YWCA Evanston/North Shore names new communications head

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YWCA Evanston/North Shore names new communications head

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YWCA Evanston/North Shore has tapped Erin Venable to be its new vice president of marketing and communications. Venable brings more than 20 years of experience in marketing and strategic communications focused on brand identity, building awareness and enacting change.

Prior to joining YWCA Evanston/North Shore, she served as assistant director of communications for the University of Chicago’s Arts + Public Life (APL) initiative, which is a neighborhood platform for arts and culture on the South Side in the Washington Park community that provides residencies for Black and Brown artists and creative entrepreneurs, arts education for youth, and artist-led programming and exhibitions. Her experience prior to APL includes marketing roles at Black Enterprise, Blackbaud, HBO and CompTIA.

As a member of the YWCA’s senior leadership team, Venable will work to advance the organization’s mission through the planning, development and implementation of marketing strategies, branding, communications, public relations activities and the YWCA’s retail shops, using an intersectional equity lens to increase the visibility of the organization.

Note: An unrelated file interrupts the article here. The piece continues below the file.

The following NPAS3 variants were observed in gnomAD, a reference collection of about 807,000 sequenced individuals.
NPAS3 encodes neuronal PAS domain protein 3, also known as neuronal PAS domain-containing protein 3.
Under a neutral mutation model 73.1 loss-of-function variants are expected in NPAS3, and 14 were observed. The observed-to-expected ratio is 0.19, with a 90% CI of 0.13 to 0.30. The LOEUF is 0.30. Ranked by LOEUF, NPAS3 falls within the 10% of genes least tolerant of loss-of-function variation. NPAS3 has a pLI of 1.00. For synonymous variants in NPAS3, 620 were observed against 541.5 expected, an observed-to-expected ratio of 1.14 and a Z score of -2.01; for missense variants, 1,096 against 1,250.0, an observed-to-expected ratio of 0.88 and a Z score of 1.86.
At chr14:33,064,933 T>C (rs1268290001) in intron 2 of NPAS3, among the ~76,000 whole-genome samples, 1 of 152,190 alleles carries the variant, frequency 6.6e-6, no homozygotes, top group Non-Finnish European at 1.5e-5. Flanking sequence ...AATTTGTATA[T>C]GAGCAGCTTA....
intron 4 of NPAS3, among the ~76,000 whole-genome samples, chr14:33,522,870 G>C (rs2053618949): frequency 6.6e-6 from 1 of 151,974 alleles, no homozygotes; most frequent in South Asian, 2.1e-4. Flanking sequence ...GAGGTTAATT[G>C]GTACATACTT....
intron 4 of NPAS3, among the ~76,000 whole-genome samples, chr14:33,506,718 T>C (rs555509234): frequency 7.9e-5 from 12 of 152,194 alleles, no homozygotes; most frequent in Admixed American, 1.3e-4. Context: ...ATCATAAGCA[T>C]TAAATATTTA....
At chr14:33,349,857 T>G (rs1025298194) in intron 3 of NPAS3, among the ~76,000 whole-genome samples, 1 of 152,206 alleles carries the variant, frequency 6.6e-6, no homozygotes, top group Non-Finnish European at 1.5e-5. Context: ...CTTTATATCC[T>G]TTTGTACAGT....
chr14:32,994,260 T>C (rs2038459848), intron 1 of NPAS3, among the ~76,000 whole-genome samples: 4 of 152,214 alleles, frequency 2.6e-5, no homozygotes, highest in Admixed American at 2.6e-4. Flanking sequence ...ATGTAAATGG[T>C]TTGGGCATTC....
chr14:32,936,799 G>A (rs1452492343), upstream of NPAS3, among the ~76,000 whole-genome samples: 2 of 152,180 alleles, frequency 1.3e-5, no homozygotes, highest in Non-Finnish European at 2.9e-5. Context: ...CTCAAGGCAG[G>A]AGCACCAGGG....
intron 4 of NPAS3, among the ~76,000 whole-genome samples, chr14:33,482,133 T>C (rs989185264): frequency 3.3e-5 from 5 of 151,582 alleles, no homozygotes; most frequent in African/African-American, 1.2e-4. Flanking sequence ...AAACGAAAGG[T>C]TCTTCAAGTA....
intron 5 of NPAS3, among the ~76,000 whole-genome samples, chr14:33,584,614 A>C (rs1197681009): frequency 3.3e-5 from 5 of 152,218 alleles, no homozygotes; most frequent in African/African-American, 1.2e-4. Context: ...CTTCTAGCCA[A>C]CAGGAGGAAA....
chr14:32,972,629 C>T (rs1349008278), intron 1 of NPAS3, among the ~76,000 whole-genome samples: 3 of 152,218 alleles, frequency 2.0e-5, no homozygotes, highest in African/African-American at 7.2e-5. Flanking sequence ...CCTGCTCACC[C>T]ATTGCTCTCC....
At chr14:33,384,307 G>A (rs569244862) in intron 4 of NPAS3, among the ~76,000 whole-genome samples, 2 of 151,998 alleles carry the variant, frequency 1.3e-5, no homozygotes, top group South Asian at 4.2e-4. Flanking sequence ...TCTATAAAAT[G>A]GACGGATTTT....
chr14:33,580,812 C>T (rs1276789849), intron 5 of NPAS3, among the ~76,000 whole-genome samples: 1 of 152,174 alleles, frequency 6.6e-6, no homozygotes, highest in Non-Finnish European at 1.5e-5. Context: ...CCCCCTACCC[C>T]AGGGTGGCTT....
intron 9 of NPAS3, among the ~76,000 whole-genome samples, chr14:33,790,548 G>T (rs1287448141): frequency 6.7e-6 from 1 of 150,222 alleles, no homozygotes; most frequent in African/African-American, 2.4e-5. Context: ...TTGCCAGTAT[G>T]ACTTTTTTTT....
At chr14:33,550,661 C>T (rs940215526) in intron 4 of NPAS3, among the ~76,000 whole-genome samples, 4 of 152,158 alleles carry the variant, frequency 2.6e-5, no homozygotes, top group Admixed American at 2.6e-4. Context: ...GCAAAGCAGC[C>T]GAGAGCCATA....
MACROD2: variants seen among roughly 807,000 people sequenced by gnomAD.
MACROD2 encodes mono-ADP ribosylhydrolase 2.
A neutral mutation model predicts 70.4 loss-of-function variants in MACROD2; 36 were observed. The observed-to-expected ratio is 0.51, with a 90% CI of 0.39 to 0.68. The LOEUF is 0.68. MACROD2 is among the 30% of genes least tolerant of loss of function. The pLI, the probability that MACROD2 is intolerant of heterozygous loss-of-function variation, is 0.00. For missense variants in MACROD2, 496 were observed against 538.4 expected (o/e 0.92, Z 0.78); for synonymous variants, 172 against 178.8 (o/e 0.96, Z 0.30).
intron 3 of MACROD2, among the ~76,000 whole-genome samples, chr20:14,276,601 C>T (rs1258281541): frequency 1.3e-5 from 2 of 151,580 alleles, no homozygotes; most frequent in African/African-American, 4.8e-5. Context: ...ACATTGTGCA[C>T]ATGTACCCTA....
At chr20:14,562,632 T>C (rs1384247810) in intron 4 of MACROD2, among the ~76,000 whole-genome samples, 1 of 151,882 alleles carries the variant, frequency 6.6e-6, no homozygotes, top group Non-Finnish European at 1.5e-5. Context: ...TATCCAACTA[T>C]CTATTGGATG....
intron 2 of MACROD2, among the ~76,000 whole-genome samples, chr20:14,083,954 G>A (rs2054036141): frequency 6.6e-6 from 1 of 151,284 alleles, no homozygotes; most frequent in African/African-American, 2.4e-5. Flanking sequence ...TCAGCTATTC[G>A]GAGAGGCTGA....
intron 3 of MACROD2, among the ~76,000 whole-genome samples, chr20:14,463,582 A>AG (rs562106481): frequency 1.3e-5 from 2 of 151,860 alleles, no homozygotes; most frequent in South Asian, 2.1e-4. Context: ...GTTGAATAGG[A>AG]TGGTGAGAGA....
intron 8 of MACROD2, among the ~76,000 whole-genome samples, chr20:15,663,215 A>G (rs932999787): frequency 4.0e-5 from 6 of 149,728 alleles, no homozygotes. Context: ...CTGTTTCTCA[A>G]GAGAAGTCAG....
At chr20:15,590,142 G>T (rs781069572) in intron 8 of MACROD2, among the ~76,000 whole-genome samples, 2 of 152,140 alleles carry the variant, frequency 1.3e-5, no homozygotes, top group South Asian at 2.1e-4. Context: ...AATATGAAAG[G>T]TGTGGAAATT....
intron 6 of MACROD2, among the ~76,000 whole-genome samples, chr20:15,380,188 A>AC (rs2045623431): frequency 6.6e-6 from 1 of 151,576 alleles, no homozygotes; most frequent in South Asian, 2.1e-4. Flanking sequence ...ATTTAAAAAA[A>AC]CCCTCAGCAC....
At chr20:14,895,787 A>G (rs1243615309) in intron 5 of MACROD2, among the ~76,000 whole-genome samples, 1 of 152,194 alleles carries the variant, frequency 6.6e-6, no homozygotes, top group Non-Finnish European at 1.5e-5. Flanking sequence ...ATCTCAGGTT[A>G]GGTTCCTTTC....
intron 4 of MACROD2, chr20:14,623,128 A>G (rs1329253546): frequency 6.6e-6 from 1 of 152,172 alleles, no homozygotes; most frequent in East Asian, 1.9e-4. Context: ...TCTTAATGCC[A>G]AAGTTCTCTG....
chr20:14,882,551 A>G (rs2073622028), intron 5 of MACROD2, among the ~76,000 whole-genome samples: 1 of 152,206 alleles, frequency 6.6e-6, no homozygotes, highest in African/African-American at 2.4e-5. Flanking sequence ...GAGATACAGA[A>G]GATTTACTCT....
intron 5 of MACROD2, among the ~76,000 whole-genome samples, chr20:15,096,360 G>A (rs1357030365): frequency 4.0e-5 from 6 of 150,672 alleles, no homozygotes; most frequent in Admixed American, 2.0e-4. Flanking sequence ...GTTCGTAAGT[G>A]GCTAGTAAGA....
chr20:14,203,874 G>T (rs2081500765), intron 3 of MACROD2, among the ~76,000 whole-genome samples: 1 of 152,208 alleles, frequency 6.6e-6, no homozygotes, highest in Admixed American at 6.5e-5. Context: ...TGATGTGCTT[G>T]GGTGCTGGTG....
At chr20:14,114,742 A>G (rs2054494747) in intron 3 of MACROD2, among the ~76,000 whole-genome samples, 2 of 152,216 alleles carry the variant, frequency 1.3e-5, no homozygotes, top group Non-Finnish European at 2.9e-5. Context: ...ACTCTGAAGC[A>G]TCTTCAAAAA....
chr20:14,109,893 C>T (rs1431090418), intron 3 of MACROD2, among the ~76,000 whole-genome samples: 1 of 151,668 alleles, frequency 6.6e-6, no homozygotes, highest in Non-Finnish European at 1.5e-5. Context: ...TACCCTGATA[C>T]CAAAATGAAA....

“I have a strong fervor for social justice and protecting women that has only intensified over the years, stemming from my cultural experiences as a Black woman,” said Venable. “My new role at YWCA Evanston/North Shore is an ideal opportunity to channel that energy, along with my diverse skill set, into an established social justice organization that I admire, where everyone is working together every day toward the same mission of eliminating racism and empowering women.”

Venable, a graduate of Chicago’s Morgan Park High School, received both her bachelor’s degree and MBA from Benedictine College in Atchison, Kansas, and has lived and worked in many Chicagoland neighborhoods. She also spent much of her childhood in Evanston. 

“I’m excited to return to the Evanston community that I’ve loved both as a resident and also because it’s a model for how a community can work together to be a driver for anti-racist and gender equity efforts,” she said.